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  43. Rounding Numbers: Ptolemy’s Calculation of the Earth–Sun Distance.Christián C. Carman - 2009 - Archive for History of Exact Sciences 63 (2):205-242.
    In this article, I analyze the coincidence of the prediction of the Earth–Sun distance carried out by Ptolemy in his Almagest and the one he carried out, with another method, in the Planetary Hypotheses. In both cases, the values obtained for the Earth–Sun distance are very similar, so that the great majority of historians have suspected that Ptolemy altered or at least selected the data in order to obtain this agreement. In this article, I will provide a reconstruction (...)
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  44.  67
    Corps À Corps: Frantz Fanon's Erotics of National Liberation.Matthieu Renault - 2011 - Journal of French and Francophone Philosophy 19 (1):49-55.
    In this short essay, I will endeavour to show that Frantz Fanon’s well-known conception of struggles for national liberation is intimately linked to an erotics of liberation . This one takes its roots in a shift, or better a reversal, of theories of racism . As Etienne Balibar argues, “racism,” as a category, appears at mid 19 th century, especially under the aegis of the UNESCO, as a break with the conceptions of “race,” considered to be a pure “myth” or (...)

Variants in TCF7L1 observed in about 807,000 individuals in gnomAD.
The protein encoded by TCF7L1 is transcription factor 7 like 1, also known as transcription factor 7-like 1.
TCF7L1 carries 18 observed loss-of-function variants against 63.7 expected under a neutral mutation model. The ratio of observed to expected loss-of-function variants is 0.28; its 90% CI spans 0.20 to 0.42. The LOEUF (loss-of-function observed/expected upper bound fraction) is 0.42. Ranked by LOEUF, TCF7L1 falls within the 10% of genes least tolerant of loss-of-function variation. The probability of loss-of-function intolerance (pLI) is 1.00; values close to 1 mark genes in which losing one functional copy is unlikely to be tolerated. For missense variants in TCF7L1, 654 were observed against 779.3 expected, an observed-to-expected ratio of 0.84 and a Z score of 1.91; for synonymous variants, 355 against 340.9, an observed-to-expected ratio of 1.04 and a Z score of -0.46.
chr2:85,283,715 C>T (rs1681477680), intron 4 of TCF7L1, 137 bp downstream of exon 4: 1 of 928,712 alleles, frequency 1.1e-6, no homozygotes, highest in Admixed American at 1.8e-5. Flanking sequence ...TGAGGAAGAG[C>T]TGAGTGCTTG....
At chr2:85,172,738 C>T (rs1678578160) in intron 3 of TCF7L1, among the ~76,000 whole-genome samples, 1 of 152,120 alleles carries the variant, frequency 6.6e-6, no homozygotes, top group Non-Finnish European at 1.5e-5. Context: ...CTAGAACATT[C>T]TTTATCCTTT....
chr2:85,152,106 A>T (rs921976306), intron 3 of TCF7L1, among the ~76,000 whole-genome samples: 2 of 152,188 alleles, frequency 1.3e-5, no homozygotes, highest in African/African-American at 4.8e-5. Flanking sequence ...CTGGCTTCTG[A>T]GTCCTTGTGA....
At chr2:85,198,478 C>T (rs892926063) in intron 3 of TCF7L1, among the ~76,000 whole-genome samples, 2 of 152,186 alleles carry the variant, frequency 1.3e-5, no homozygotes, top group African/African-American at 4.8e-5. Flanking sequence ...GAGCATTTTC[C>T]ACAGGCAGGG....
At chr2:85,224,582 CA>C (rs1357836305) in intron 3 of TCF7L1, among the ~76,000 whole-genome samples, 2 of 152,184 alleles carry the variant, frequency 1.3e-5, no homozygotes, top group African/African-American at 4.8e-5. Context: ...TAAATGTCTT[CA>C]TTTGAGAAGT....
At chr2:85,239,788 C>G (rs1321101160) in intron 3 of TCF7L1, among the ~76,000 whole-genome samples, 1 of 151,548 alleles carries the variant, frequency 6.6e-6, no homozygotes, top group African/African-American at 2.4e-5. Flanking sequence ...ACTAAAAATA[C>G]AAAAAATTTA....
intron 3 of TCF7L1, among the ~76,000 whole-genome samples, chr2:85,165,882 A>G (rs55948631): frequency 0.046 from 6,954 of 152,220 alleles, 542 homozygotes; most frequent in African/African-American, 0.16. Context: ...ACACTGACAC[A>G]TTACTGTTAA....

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  45.  63
    The Nature and Scope of Global Ethics and the Relevance of the Earth Charter.Nigel Dower - 2005 - Journal of Global Ethics 1 (1):25 – 43.
    This article presents global ethics as critical reflection on the nature, justification and application of a global ethic. Much of the article focuses on the nature of a global ethic as the content of global ethics, e.g. whether it is thick or thin, is about universal values or transnational responsibilities, is a set of values justified by a particular thinker, values widely shared or values universally accepted. Global ethics itself as a process is also examined. In the last part the (...)
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  46.  24
    Toute Décolonisation Est Une Réussite: Les Damnés de la Terre and the African Spring.Anthony C. Alessandrini - 2011 - Journal of French and Francophone Philosophy 19 (1):11-22.
    I’m certainly not alone in noting that the year 2011 brings, for those of us who are students of the work of Frantz Fanon, two different anniversaries. This year marks the fiftieth anniversary of the publication of Les damnés de la terre , Fanon’s final book and, for many, his most lasting achievement. But it also marks the fiftieth anniversary of Fanon’s death: he died, tragically young, on December 6, 1961, not long after the book’s publication. It is no exaggeration (...)